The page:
Bid for Apartments in Outbuildings

A hearing before the East Hampton Town Board last Thursday on allowing affordable apartments in outbuildings as well as primary residences drew questions and comments on a number of issues. All of them, said one member of the committee that recommended the change, had been carefully considered before the law was proposed.

The town code amendment would allow apartments in accessory structures such as a garage, on properties of a half-acre or more where the outbuilding is no closer to property lines than the primary residence is allowed to be. The proposal would also change the present law covering accessory apartments to allow homeowners to live in the outbuilding while renting the main house.

Apartments within residences have been allowed since 1984, with a cap of 20 in each of the town’s school districts, but few people have applied for the necessary permits. The change to the law, recommended by a town committee on affordable housing, is designed to increase the number of affordable apartments; the 20-permit quota would remain in effect.

Speaking at the hearing, David Buda, a Springs resident, said the changes were not a “meaningful approach.” Better, he said, would be rezoning land specifically for affordable housing. Allowing apartments in detached structures, he said, would change the residential character of neighborhoods. “The Springs, particularly,” he said, “is overwhelmed” with cottages, motels, and other structures that were built before the zoning code was enacted and converted to housing. The proposed change would “send the wrong message to the community,” he said.

Zachary Cohen, also of Springs, wondered whether the cost of creating an affordable apartment could, in some cases, exceed the income it would provide (there is a town-imposed cap on affordable rents). Permits for apartments in detached structures, he said, should remain in effect only if the apartments are actually rented; if they remain unused for a period of time, he said, the permit should be rescinded.

A provision in the law requiring homeowners who add affordable apartments to be full-time, year-round residents might work against their creation, Mr. Cohen said. People who go away for the winter, for example, “are the same people,” he said, who are likely to build such apartments, if they could meet the town’s rules.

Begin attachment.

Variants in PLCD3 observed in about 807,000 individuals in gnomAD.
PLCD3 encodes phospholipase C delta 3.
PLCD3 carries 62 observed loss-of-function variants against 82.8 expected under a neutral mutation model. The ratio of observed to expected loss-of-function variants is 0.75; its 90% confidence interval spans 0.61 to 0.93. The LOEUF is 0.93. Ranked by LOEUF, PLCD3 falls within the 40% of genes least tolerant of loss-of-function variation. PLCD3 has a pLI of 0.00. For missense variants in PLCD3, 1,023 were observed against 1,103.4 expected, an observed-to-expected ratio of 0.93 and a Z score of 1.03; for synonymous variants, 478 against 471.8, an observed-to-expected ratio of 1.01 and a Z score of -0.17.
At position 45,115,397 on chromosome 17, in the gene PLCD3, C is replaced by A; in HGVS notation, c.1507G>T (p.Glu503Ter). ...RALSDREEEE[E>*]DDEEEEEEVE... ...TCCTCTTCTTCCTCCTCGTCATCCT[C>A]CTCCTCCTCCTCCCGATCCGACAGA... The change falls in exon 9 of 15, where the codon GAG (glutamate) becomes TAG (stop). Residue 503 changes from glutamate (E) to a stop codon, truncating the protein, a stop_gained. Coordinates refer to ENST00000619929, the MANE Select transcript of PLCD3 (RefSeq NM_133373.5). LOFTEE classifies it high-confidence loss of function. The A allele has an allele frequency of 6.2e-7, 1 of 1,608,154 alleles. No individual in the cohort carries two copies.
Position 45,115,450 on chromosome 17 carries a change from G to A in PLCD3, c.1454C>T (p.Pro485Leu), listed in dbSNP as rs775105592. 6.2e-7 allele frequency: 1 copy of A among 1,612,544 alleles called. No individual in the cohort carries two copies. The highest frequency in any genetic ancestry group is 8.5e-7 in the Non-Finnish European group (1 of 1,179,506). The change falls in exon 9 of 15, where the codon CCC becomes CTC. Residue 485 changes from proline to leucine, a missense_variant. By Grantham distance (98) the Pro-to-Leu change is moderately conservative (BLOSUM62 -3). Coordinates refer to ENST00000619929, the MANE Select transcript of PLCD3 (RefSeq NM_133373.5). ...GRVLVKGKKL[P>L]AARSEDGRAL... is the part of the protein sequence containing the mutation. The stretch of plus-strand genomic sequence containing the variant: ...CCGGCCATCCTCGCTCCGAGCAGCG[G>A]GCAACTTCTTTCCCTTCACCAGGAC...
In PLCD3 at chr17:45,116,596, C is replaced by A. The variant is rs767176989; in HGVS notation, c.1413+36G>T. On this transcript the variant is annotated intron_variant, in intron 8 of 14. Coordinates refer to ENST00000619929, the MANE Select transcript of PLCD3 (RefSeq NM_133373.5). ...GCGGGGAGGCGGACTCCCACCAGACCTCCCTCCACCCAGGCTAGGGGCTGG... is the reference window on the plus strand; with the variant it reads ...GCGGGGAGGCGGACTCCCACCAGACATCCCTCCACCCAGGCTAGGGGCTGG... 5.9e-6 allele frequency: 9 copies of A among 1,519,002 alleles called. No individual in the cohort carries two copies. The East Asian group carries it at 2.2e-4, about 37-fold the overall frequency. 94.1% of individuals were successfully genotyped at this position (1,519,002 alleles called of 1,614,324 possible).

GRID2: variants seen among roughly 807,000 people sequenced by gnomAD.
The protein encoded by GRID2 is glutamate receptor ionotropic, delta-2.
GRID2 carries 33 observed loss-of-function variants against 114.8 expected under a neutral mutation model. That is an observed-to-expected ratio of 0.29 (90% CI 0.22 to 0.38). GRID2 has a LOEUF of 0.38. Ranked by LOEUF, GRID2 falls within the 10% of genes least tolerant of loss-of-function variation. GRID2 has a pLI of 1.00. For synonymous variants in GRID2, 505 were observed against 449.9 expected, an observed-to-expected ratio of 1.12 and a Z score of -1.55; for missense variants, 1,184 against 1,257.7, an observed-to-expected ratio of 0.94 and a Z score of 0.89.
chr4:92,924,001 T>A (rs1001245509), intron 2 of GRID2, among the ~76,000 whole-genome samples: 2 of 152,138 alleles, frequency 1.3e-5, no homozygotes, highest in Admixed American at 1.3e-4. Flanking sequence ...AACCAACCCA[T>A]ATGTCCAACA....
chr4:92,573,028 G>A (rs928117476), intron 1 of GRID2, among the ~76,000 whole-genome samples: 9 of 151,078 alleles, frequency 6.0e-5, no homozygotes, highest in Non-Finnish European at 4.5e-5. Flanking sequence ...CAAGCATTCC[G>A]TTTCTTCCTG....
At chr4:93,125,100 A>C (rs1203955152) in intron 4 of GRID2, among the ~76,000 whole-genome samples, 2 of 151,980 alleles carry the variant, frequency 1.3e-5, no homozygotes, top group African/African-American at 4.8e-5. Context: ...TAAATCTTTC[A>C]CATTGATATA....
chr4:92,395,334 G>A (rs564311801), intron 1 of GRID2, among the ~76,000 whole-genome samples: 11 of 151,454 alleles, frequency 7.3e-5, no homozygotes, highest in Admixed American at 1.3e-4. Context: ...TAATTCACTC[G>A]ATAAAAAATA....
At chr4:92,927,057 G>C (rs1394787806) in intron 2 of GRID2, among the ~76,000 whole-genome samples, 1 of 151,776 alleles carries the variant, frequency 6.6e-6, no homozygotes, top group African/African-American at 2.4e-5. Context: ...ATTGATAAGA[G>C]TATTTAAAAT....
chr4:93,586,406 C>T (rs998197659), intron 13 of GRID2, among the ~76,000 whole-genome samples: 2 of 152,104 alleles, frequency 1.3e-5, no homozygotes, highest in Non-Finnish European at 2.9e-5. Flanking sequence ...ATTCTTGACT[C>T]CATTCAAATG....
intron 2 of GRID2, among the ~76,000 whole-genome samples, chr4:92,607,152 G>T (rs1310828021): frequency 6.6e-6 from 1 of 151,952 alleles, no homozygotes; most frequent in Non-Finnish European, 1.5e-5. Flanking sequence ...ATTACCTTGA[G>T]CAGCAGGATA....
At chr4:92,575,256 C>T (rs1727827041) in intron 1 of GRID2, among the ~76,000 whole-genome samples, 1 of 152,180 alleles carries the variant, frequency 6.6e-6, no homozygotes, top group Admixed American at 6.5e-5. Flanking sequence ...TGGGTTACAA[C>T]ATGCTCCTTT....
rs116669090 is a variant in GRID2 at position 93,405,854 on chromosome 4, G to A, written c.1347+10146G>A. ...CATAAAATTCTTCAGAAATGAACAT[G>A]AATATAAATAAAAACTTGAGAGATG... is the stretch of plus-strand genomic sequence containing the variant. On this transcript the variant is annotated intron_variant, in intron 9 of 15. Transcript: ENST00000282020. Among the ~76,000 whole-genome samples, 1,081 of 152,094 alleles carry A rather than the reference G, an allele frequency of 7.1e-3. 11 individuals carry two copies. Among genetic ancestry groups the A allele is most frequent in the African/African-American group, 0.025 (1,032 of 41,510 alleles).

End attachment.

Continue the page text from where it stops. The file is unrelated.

“We definitely have an affordable housing problem that affects local businesses like mine,” said Pat Trunzo, a builder and a former town councilman. “If you lose too much of the local community, do you still have a community?”

“Meeting the town’s affordable housing needs has got to be a public-private partnership,” said Catherine Casey, who works in that very capacity as executive director of the East Hampton Housing Authority. An assortment of housing programs is necessary, she said.

But, said Jim McMillan, a real estate broker from Amagansett, “on properties of under an acre, I think it’s really a mistake to go this route, even though we do need it.” He expressed concern about increased density on small lots, increased septic flow, and the impact on neighbors.

According to the Suffolk Health Department, Ms. Casey noted, when housing increases to more than four bedrooms per lot, an upgraded septic system is required.

Jeanne Frankl of Amagansett, who helped draft the affordable housing recommendations as part of the town committee, said there had been a “careful balancing . . . done in putting forth this legislation,” taking the factors mentioned by speakers into consideration. “There is nothing that was mentioned here that wasn’t carefully weighed,” she said. The character of the community will change, she said, “unless we make these compromises that will have to be made to get some affordable housing.” 

At the suggestion of Councilwoman Kathee Burke-Gonzalez, the town board kept the record open on the affordable apartment law change, for written comments only, until next Thursday.